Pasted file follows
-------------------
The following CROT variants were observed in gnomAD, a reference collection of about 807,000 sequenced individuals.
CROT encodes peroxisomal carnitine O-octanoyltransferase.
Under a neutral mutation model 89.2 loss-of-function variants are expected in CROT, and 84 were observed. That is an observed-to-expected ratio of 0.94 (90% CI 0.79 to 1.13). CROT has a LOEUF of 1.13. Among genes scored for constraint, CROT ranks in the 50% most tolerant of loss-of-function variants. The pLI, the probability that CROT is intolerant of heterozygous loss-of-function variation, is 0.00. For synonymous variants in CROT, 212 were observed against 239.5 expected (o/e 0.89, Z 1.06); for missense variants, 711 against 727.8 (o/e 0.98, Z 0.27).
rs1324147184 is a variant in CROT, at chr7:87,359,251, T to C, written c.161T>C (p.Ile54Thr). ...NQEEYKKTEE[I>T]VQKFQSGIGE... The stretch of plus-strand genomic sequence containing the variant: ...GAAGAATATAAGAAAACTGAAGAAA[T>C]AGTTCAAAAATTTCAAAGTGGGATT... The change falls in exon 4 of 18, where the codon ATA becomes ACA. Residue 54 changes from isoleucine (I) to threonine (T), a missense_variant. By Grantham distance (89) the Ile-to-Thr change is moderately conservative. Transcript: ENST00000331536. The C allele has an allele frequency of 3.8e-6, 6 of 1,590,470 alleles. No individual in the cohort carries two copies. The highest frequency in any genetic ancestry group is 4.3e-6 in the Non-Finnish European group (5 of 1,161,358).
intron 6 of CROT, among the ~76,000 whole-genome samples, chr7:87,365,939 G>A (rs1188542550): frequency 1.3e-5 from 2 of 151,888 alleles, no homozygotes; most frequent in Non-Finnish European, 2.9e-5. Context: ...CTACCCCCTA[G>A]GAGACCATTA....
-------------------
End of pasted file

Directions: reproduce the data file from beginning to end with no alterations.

The following CROT variants were observed in gnomAD, a reference collection of about 807,000 sequenced individuals.
CROT encodes peroxisomal carnitine O-octanoyltransferase.
Under a neutral mutation model 89.2 loss-of-function variants are expected in CROT, and 84 were observed. That is an observed-to-expected ratio of 0.94 (90% CI 0.79 to 1.13). CROT has a LOEUF of 1.13. Among genes scored for constraint, CROT ranks in the 50% most tolerant of loss-of-function variants. The pLI, the probability that CROT is intolerant of heterozygous loss-of-function variation, is 0.00. For synonymous variants in CROT, 212 were observed against 239.5 expected (o/e 0.89, Z 1.06); for missense variants, 711 against 727.8 (o/e 0.98, Z 0.27).
rs1324147184 is a variant in CROT, at chr7:87,359,251, T to C, written c.161T>C (p.Ile54Thr). ...NQEEYKKTEE[I>T]VQKFQSGIGE... The stretch of plus-strand genomic sequence containing the variant: ...GAAGAATATAAGAAAACTGAAGAAA[T>C]AGTTCAAAAATTTCAAAGTGGGATT... The change falls in exon 4 of 18, where the codon ATA becomes ACA. Residue 54 changes from isoleucine (I) to threonine (T), a missense_variant. By Grantham distance (89) the Ile-to-Thr change is moderately conservative. Transcript: ENST00000331536. The C allele has an allele frequency of 3.8e-6, 6 of 1,590,470 alleles. No individual in the cohort carries two copies. The highest frequency in any genetic ancestry group is 4.3e-6 in the Non-Finnish European group (5 of 1,161,358).
intron 6 of CROT, among the ~76,000 whole-genome samples, chr7:87,365,939 G>A (rs1188542550): frequency 1.3e-5 from 2 of 151,888 alleles, no homozygotes; most frequent in Non-Finnish European, 2.9e-5. Context: ...CTACCCCCTA[G>A]GAGACCATTA....